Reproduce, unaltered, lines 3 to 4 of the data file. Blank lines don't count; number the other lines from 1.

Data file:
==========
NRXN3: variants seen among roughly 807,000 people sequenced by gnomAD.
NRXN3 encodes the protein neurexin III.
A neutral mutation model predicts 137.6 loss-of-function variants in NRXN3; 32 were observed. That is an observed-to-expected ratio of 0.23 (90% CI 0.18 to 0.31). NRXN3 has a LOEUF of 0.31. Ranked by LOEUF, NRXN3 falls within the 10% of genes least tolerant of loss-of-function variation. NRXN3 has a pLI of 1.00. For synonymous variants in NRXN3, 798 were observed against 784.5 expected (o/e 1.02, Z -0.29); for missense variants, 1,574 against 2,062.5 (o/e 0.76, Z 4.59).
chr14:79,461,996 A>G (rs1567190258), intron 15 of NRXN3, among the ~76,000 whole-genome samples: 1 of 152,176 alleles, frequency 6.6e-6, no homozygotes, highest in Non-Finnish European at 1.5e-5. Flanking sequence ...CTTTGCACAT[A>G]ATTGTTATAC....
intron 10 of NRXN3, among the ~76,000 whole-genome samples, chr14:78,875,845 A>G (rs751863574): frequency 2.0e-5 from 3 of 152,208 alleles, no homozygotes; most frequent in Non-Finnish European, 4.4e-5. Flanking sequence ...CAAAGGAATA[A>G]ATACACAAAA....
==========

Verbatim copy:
A neutral mutation model predicts 137.6 loss-of-function variants in NRXN3; 32 were observed. That is an observed-to-expected ratio of 0.23 (90% CI 0.18 to 0.31). NRXN3 has a LOEUF of 0.31. Ranked by LOEUF, NRXN3 falls within the 10% of genes least tolerant of loss-of-function variation. NRXN3 has a pLI of 1.00. For synonymous variants in NRXN3, 798 were observed against 784.5 expected (o/e 1.02, Z -0.29); for missense variants, 1,574 against 2,062.5 (o/e 0.76, Z 4.59).
chr14:79,461,996 A>G (rs1567190258), intron 15 of NRXN3, among the ~76,000 whole-genome samples: 1 of 152,176 alleles, frequency 6.6e-6, no homozygotes, highest in Non-Finnish European at 1.5e-5. Flanking sequence ...CTTTGCACAT[A>G]ATTGTTATAC....